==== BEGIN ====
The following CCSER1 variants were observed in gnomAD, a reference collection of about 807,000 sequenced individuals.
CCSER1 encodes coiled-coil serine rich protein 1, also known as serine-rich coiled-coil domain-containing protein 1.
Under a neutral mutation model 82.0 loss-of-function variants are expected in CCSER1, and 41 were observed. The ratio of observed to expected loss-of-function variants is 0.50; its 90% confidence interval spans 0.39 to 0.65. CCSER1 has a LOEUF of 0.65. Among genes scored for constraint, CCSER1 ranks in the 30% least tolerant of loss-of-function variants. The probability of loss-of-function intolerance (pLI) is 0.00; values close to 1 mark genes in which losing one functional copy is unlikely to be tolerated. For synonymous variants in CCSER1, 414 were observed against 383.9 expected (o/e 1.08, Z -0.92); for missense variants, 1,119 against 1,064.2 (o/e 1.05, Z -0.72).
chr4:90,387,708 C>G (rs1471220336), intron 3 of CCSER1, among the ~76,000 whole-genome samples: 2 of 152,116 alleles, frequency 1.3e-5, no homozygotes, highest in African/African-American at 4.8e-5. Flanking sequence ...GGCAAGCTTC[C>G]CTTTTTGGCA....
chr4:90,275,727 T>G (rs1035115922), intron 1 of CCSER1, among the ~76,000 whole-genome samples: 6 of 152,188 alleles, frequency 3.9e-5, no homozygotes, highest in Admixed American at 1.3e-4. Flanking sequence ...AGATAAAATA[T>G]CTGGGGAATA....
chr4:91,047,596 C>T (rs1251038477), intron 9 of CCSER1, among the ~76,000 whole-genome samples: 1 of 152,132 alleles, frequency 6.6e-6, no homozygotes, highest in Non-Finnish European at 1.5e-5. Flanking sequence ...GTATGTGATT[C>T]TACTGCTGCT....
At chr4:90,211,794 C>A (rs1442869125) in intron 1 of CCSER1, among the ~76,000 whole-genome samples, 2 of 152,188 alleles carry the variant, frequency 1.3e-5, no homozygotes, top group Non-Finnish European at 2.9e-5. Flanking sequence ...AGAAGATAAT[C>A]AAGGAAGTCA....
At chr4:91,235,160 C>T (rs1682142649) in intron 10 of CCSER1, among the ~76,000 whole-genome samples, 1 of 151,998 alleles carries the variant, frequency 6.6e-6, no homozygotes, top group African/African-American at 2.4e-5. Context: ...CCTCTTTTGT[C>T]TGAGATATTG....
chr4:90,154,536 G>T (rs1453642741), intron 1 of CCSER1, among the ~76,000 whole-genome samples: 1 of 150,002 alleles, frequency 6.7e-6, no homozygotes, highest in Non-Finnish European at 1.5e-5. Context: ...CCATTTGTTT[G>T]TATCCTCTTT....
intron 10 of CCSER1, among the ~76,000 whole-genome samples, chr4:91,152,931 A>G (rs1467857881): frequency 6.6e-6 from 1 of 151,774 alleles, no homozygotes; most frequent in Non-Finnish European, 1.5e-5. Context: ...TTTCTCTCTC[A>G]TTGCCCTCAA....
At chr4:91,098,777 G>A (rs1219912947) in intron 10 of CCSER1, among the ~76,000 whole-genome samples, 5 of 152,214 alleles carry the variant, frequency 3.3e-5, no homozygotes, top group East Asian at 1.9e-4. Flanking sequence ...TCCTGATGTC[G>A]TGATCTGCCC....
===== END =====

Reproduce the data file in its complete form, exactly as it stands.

The following CCSER1 variants were observed in gnomAD, a reference collection of about 807,000 sequenced individuals.
CCSER1 encodes coiled-coil serine rich protein 1, also known as serine-rich coiled-coil domain-containing protein 1.
Under a neutral mutation model 82.0 loss-of-function variants are expected in CCSER1, and 41 were observed. The ratio of observed to expected loss-of-function variants is 0.50; its 90% confidence interval spans 0.39 to 0.65. CCSER1 has a LOEUF of 0.65. Among genes scored for constraint, CCSER1 ranks in the 30% least tolerant of loss-of-function variants. The probability of loss-of-function intolerance (pLI) is 0.00; values close to 1 mark genes in which losing one functional copy is unlikely to be tolerated. For synonymous variants in CCSER1, 414 were observed against 383.9 expected (o/e 1.08, Z -0.92); for missense variants, 1,119 against 1,064.2 (o/e 1.05, Z -0.72).
chr4:90,387,708 C>G (rs1471220336), intron 3 of CCSER1, among the ~76,000 whole-genome samples: 2 of 152,116 alleles, frequency 1.3e-5, no homozygotes, highest in African/African-American at 4.8e-5. Flanking sequence ...GGCAAGCTTC[C>G]CTTTTTGGCA....
chr4:90,275,727 T>G (rs1035115922), intron 1 of CCSER1, among the ~76,000 whole-genome samples: 6 of 152,188 alleles, frequency 3.9e-5, no homozygotes, highest in Admixed American at 1.3e-4. Flanking sequence ...AGATAAAATA[T>G]CTGGGGAATA....
chr4:91,047,596 C>T (rs1251038477), intron 9 of CCSER1, among the ~76,000 whole-genome samples: 1 of 152,132 alleles, frequency 6.6e-6, no homozygotes, highest in Non-Finnish European at 1.5e-5. Flanking sequence ...GTATGTGATT[C>T]TACTGCTGCT....
At chr4:90,211,794 C>A (rs1442869125) in intron 1 of CCSER1, among the ~76,000 whole-genome samples, 2 of 152,188 alleles carry the variant, frequency 1.3e-5, no homozygotes, top group Non-Finnish European at 2.9e-5. Flanking sequence ...AGAAGATAAT[C>A]AAGGAAGTCA....
At chr4:91,235,160 C>T (rs1682142649) in intron 10 of CCSER1, among the ~76,000 whole-genome samples, 1 of 151,998 alleles carries the variant, frequency 6.6e-6, no homozygotes, top group African/African-American at 2.4e-5. Context: ...CCTCTTTTGT[C>T]TGAGATATTG....
chr4:90,154,536 G>T (rs1453642741), intron 1 of CCSER1, among the ~76,000 whole-genome samples: 1 of 150,002 alleles, frequency 6.7e-6, no homozygotes, highest in Non-Finnish European at 1.5e-5. Context: ...CCATTTGTTT[G>T]TATCCTCTTT....
intron 10 of CCSER1, among the ~76,000 whole-genome samples, chr4:91,152,931 A>G (rs1467857881): frequency 6.6e-6 from 1 of 151,774 alleles, no homozygotes; most frequent in Non-Finnish European, 1.5e-5. Context: ...TTTCTCTCTC[A>G]TTGCCCTCAA....
At chr4:91,098,777 G>A (rs1219912947) in intron 10 of CCSER1, among the ~76,000 whole-genome samples, 5 of 152,214 alleles carry the variant, frequency 3.3e-5, no homozygotes, top group East Asian at 1.9e-4. Flanking sequence ...TCCTGATGTC[G>A]TGATCTGCCC....